The ‘Humpty-Dumpty’ syndrome and the foibles of humans

Ayers

Tacked to the unfinished walls of my father’s musty backroom office in our big, old home on the North Hill was an eclectic assortment of press clippings, cartoons, poems and fading photos Dad apparently found worth saving.

The time period, the late 1940s to early 1950s, I was in my adolescence. Some of the items on the wall made a lasting impression — a photo of dad in his U.S. Navy chief petty officer uniform standing next to a still smoldering, gaping crater in the steel deck of an aircraft carrier after it had been struck by a Japanese kamikaze plane; beneath it, circled in black, was the nursery rhyme, “Humpty-Dumpty;” next to it was a yellowed copy of Rudyard Kipling’s poem, “If.”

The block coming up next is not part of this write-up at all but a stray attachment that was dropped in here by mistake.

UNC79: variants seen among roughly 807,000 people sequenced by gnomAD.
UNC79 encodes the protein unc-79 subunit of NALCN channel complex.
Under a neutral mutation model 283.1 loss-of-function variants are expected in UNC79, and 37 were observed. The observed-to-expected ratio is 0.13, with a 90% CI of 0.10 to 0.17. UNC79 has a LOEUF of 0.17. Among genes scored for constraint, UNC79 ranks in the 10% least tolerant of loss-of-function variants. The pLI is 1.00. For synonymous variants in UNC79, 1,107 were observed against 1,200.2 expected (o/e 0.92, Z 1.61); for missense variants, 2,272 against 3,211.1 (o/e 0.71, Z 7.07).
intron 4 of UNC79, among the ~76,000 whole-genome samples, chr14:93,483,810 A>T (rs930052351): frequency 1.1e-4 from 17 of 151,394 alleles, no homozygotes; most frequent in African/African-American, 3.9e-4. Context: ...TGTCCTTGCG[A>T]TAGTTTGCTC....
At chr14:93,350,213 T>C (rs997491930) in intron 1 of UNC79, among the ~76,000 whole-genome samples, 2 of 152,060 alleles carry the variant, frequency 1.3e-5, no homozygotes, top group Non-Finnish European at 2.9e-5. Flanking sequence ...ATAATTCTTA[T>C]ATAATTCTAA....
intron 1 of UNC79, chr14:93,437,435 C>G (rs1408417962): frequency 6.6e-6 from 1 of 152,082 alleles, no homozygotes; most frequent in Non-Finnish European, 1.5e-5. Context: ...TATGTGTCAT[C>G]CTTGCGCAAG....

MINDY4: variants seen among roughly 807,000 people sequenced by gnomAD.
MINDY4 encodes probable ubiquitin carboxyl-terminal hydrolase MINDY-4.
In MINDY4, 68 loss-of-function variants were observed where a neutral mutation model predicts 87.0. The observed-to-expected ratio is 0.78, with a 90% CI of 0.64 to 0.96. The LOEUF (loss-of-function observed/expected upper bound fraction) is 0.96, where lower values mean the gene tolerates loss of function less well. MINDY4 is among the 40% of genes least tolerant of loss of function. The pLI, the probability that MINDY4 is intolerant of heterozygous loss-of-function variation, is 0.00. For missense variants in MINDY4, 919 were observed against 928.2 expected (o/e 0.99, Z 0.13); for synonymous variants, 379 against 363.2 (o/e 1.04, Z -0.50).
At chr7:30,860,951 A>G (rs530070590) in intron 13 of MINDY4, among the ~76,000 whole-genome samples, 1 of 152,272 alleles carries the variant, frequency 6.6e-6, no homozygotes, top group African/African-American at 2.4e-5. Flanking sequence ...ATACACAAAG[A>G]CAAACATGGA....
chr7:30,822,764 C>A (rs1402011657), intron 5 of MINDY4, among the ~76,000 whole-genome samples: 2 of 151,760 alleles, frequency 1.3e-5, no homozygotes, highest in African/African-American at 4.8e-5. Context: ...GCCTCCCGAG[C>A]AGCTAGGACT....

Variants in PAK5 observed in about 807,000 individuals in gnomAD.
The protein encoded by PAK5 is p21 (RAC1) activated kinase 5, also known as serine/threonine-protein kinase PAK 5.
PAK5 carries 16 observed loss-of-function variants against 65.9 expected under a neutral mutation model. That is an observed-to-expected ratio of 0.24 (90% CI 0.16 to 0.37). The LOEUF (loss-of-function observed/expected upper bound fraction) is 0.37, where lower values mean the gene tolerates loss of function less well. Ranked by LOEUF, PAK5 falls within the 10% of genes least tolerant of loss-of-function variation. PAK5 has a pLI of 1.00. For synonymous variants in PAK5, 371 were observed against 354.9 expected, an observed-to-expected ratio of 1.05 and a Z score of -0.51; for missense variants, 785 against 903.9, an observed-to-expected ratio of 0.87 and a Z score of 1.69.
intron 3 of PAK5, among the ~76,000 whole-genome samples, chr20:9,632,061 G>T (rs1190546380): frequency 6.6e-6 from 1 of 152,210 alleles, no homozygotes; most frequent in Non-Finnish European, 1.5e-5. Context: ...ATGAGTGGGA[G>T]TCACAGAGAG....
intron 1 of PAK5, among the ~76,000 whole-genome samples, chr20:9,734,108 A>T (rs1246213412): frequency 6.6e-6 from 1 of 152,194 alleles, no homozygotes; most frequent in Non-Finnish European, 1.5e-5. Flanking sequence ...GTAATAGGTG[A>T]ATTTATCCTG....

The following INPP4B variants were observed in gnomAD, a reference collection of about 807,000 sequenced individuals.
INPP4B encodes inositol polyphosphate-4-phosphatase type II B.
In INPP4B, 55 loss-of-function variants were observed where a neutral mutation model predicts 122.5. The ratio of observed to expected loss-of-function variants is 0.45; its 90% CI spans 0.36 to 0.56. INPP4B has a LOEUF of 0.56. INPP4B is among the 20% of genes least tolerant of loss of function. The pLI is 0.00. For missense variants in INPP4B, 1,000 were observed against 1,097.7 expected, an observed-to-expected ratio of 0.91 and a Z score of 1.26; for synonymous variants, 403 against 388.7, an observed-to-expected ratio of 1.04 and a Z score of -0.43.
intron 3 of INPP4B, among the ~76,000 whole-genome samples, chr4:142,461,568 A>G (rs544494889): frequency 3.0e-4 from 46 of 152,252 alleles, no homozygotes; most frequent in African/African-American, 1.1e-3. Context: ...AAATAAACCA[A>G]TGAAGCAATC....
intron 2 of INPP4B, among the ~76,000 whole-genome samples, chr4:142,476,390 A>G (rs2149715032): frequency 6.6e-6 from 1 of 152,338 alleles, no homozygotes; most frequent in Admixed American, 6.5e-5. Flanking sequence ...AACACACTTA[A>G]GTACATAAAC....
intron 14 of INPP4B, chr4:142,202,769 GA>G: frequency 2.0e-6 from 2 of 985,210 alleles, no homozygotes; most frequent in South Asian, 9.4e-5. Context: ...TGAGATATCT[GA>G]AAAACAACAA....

Post World War II and my father’s discharge from the Navy, our family moved to Stillwater and dad set up a mechanical contracting business. He only had a high school education. He and mom were well respected in the community. But, when asked for views of something other than his trade, he’d reply, “Hell, I’m only a dumb plumber, what do I know?”

But Earl was far more than that.

As I was growing up, dad talked to me a lot about the significance of the Kipling poem and the importance of human ideals, honor, conscience, honesty, standing on principle and physical and intellectual courage.  He simplistically described conscience as the little voice inside that must be listened to — pre-empting any vacillation when deciding right or wrong.